It's a bit late for a Frankenreview of Tony Hawk Ride, but it's interesting to see a ratings chart that starts so low and ends so high.
Tony Hawk Ride is the latest installment of the storied Tony Hawk skateboarding video game franchise, given new life by developer Robomodo with the inclusion of a plastic skateboard controller. How could such a concept fail? Read on.
There's a good idea at the center of Tony Hawk: RIDE. Attempting to make some sort of peripheral-based skateboarding game is a neat idea, and one that, if the peripheral were robust enough, could result in some sort of faux-skating experience that approximates the real thing in a way that's accessible to non-skaters without being completely offensive to anyone who's ever pulled an ollie. But everything about Tony Hawk: RIDE, from the game's structure to the skateboard hardware itself, is an absolute mess that feels incapable of pleasing anyone, regardless of his or her skill level.
Instead of using a huge piece of expensive plastic to enhance what could have been a pretty awesome Tony Hawk game, the development team chose to tailor the entire game around a huge piece of expensive plastic. The result is a gimmicky-as-hell title that's certainly not a step forward for the franchise, as much as it tries to be. The sturdy, wheel-less skateboard peripheral that serves as the sole means of input for Ride is a deceptive beast. It's hefty, looks sleek, and just feels right – at least before you sync it up and start trying to "skate" on it.
The more you play, the more you'll also begin to notice that the physics and collision detection aren't up to speed – I once watched my skater go straight through the wall of a half-pipe and then fall through the world. Other times you'll watch your skater's head slide right through a cement wall. The camera has plenty of difficulties, too, once you take the game off of the casual rails. Ride simply lacks the polish that is necessary to match the hardcore controls. All of these things are problems that would absolutely not fly in past Tony Hawk games, and they're more than enough to make any serious gamer walk away.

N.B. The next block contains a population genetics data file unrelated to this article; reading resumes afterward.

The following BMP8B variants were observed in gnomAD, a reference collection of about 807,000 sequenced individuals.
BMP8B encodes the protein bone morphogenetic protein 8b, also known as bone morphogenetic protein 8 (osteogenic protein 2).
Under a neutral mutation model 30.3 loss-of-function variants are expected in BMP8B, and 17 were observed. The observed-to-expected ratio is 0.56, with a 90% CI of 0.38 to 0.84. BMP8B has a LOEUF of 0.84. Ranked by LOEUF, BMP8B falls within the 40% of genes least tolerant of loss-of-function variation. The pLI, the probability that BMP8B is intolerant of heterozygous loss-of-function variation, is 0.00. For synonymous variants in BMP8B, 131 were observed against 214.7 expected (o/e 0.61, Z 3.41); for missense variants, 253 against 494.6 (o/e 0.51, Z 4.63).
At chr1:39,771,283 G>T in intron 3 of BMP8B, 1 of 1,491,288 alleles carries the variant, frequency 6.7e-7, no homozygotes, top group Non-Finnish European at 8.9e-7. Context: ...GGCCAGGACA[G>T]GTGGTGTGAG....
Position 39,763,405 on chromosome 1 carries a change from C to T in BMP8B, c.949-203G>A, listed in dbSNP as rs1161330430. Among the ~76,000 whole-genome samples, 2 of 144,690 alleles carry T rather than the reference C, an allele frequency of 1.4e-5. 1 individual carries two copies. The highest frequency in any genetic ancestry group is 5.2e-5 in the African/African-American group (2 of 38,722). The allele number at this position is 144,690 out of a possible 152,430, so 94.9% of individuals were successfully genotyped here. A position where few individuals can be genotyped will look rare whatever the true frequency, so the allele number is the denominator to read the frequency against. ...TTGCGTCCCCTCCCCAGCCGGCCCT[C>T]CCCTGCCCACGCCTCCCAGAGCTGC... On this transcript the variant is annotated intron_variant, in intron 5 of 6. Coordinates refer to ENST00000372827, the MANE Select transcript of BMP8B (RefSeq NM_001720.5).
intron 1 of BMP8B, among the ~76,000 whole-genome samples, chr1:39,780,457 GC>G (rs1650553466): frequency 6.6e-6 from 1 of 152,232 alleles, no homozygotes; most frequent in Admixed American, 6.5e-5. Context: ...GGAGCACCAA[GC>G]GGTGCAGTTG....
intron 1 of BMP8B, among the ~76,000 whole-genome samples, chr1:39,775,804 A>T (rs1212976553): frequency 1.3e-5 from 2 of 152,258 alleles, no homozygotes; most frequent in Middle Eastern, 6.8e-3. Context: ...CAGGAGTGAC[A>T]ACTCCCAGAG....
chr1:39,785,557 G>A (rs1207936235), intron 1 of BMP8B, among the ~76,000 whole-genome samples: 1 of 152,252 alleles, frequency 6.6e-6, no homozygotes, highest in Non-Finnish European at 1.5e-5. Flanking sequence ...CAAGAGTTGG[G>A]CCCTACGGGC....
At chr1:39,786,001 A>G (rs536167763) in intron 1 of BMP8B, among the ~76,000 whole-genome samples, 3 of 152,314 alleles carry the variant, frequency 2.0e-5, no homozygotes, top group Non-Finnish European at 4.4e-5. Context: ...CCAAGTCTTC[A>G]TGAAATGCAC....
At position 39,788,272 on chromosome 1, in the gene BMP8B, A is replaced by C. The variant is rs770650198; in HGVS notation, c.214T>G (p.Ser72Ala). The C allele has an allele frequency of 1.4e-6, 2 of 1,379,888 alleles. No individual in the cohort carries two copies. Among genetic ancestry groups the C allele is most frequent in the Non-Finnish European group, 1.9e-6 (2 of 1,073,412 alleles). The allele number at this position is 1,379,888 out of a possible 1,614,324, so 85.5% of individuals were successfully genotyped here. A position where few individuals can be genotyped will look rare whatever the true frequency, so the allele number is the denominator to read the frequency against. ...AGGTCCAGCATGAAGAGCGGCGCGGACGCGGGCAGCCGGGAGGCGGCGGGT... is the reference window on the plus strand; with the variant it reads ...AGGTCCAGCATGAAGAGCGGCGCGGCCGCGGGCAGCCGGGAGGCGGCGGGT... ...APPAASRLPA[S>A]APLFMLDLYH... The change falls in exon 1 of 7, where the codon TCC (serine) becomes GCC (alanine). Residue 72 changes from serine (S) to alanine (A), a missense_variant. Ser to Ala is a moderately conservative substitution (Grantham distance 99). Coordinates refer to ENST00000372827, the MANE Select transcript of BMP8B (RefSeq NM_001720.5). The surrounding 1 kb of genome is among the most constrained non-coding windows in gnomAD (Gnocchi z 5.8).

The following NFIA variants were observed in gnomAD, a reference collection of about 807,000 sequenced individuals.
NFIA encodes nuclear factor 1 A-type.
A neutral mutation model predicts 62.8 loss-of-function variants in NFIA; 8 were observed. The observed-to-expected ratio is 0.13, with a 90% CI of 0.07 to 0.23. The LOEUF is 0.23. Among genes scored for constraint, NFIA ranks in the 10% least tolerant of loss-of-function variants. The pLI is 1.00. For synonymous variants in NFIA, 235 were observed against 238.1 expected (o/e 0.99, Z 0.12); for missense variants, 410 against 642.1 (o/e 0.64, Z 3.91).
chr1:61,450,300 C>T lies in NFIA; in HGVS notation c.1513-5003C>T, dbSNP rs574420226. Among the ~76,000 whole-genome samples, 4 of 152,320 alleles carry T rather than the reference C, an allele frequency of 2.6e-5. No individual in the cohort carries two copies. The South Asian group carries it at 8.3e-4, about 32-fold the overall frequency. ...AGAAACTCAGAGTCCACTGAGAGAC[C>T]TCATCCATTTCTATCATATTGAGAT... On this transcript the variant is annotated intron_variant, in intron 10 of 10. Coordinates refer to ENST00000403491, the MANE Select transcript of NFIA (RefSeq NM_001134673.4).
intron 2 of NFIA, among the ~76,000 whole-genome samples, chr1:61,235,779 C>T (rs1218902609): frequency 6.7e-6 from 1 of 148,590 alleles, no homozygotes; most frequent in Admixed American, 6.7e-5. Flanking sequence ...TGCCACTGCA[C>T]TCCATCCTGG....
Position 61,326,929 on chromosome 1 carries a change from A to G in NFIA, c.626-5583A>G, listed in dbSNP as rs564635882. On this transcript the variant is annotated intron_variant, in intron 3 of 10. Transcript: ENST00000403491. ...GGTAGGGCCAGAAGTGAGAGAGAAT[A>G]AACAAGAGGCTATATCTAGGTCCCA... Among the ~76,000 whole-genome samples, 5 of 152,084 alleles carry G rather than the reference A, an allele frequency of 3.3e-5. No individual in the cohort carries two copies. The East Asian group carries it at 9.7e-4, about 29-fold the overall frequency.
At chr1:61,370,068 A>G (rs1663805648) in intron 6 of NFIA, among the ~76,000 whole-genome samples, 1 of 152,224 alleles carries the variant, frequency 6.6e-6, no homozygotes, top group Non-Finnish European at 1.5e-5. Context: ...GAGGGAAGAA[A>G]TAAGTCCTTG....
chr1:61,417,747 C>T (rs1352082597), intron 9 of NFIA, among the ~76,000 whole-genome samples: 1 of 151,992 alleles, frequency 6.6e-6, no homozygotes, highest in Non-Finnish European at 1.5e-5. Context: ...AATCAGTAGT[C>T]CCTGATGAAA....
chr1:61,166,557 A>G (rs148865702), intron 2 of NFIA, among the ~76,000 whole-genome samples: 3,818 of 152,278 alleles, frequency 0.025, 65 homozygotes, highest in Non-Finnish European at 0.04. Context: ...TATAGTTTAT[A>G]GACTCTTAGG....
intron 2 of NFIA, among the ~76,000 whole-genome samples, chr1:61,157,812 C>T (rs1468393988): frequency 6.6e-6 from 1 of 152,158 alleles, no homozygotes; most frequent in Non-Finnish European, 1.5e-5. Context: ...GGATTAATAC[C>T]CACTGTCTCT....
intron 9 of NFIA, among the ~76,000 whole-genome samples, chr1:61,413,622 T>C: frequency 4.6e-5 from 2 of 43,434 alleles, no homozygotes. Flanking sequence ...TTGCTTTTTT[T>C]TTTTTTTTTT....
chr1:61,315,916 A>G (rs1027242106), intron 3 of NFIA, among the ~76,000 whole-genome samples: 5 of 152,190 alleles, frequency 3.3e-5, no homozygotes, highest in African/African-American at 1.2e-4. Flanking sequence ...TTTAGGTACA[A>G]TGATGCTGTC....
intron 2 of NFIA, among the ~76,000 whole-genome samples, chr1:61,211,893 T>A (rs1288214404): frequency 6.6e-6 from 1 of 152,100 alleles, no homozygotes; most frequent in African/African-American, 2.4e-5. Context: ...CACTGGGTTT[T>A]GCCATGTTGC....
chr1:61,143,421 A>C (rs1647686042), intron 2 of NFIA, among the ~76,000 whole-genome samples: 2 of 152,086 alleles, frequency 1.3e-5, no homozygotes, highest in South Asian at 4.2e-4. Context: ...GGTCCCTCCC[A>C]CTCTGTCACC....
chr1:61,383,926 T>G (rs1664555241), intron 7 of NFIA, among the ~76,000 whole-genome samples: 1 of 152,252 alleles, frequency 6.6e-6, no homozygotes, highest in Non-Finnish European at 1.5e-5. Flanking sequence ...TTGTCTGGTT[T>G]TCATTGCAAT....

Totally rad skaters can use the hardcore mode, which ditches the rails and lets you skate your heart out. Developer Robomodo added the ability to loosen or tighten the steering, but in the end, trying to skate a planned line requires so much focus and concentration you'd be hard-pressed to find some fun along the way. Instead, the reward is usually a quick, painful faceplant into a wall.
What makes this game so dynamic is obviously the controller. It gives the game a brand new vibe and feel and elevates the enter genre. In 2009, Activision introduced a couple of new controllers – one for DJ Hero and the board for RIDE. Of the two, the board will have the biggest impact and may well become a staple for other games to build off. But more importantly, the board takes the Tony Hawk franchise to a new audience – the entire family. This is no longer about fast fingers on a controller, but it is a decent workout (you may break a sweat playing the game and you will feel it in your legs) but this is a game that will appeal to the younger members of the family as well as the older ones.
During one of my play sessions with Tony Hawk: Ride, my girlfriend looked up from her random knitting and said, "It's a pity you can't play it with the regular controller. It looks fun." For me, that simple statement sums up everything that is wrong with the game. Ride is a game built completely around a plastic skateboard controller that doesn't come close to getting the job done. Since the board is required to play, it drags everything else down with it-the integrity of the Tony Hawk franchise included.